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Traumatic Brain Injury 101: Causes, Consequences

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Title: Traumatic Brain Injury 101: Causes, Consequences


1
Traumatic Brain Injury 101 Causes, Consequences
Coping Strategies
March 20, 2008 Brain Injury Association of Ohio
Staff Members Suzanne Minnich, Ex. Director
Rich Haddix, CSN Coordinator Area 11 Jennie
Horner, CSN Coordinator Area 5 Special thanks to
our panelists
2
Objectives
  • Increase knowledge of demographics scope of
    brain injury
  • Gain understanding of common consequences and
    challenges following brain injury
  • Better understand the impact on the individual
    and his or her family
  • Learn about BIAOH other sources of information
    assistance in a state where TBI lacks a home
    agency within government.
  • Identify skills and strategies to assist
    individuals with brain injury

3
Brain Injury Association of Ohio Key Program
Staff
  • State Office-Columbus
  • CSN 1, Toledo Christine Veronie
  • CSN 3, Cleveland Lori Surtman
  • CSN 5, Lima Jennie Horner
  • CSN 8, New Philadelphia Chris Curtiss
  • CSN 11, Columbus Rich Haddix
  • CSN 12, Caldwell Jenny Rucker
  • CSN 13, Cincinnati Peggy ONeill
  • CSN 15, Marietta Cindy Auker

BIAOHs goal is to create a comprehensive,
statewide, resource facilitation system providing
information, service linkage, education, and
advocacy benefiting children adults with brain
injury and their families the systems blueprint
is known as The Ohio Plan.
4
What is the Brain Injury Association of Ohio?
  • Statewide education advocacy organization for
    people with brain injury their families
  • Affiliated with BIAA (Brain Injury Association)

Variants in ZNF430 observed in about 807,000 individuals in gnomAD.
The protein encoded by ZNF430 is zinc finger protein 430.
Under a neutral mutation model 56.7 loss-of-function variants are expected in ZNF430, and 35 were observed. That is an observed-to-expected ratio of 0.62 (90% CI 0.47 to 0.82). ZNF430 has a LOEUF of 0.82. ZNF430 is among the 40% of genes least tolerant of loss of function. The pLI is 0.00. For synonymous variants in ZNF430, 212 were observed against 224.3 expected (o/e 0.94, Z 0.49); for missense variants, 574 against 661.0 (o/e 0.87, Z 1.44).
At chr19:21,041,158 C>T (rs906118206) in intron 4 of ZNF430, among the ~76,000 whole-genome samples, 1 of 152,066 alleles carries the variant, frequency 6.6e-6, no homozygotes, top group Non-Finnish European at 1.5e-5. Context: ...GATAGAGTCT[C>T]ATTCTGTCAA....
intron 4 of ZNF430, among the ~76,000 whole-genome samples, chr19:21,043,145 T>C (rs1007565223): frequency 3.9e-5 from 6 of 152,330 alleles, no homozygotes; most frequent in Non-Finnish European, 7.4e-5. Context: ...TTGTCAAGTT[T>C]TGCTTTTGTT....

- 1 of 44 State Affiliates
  • Grassroots/Consumer Directed Organization,
    started by families, medical rehabilitation
    professionals
  • Non-Profit, Tax Exempt Organization incorporated
    in 1983

5
Who Are the People Behind BIAOH
  • Board of Trustees - Who govern the organization,
    setting direction and providing oversight
  • Staff - Who implement its programs (13 or 10
    FTEs)
  • Volunteers (in addition to Board Members)
    serving in many capacities, including as support
    group leaders
  • Members Constituents
  • Collaborating Organizations Partners
  • Funders Supporters

6
What is BIAOHs Purpose?
  • Vision A world where all preventable brain
    injuries are prevented, all unpreventable brain
    injuries are minimized and all individuals who
    have experienced brain injury maximize their
    quality of life
  • Mission To create a better future through brain
    injury prevention, research, education and
    advocacy

7
What Are BIAOHs Services Supports
  • Information Resource Coordination
  • Helpline
  • Community Support Network (CSN) field offices
    located throughout the state
  • Education Training
  • Peer Support
  • Outreach Prevention
  • Advocacy

8
What is BIAOHs Central goal why is it so
important?

Unlike disability populations of comparable size,
there is no state agency responsible for
addressing the needs of those with BI.
9
Contacting BIAOH is easy . . .
  • 1-866-644-6242 (1-866-OHIO-BIA)
  • Toll-free Helpline within Ohio
  • help_at_biaoh.org
  • www.biaoh.org

10
What is a Brain Injury?
  • Acquired Brain Injury (ABI)
  • Traumatic Brain Injury (TBI)

11
Acquired Brain Injury
  • Any injury to the brain that occurs after birth
    as a result of
  • Physical force (due to an accident)
  • Tumors
  • Strokes
  • Violent Acts (e.g., gun shot wound)
  • Infectious Diseases (e.g., encephalitis)
  • ABI is the broadest category and includes all
    brain injuries that occur after birth.

12
Traumatic Brain Injury
  • A brain injury from an external force
  • Vehicle accidents
  • Violent Acts (e.g., gun shot wound)
  • Falls
  • Physical Abuse
  • Sports Injuries

13
Severity Continuum
  • Things to Consider
  • Symptomology
  • Pre-injury functioning
  • Symptoms vary

Mild
Severe
Moderate
14
  • 15 of all TBIs are considered moderate to severe
  • 85 of all TBIs are considered mild

15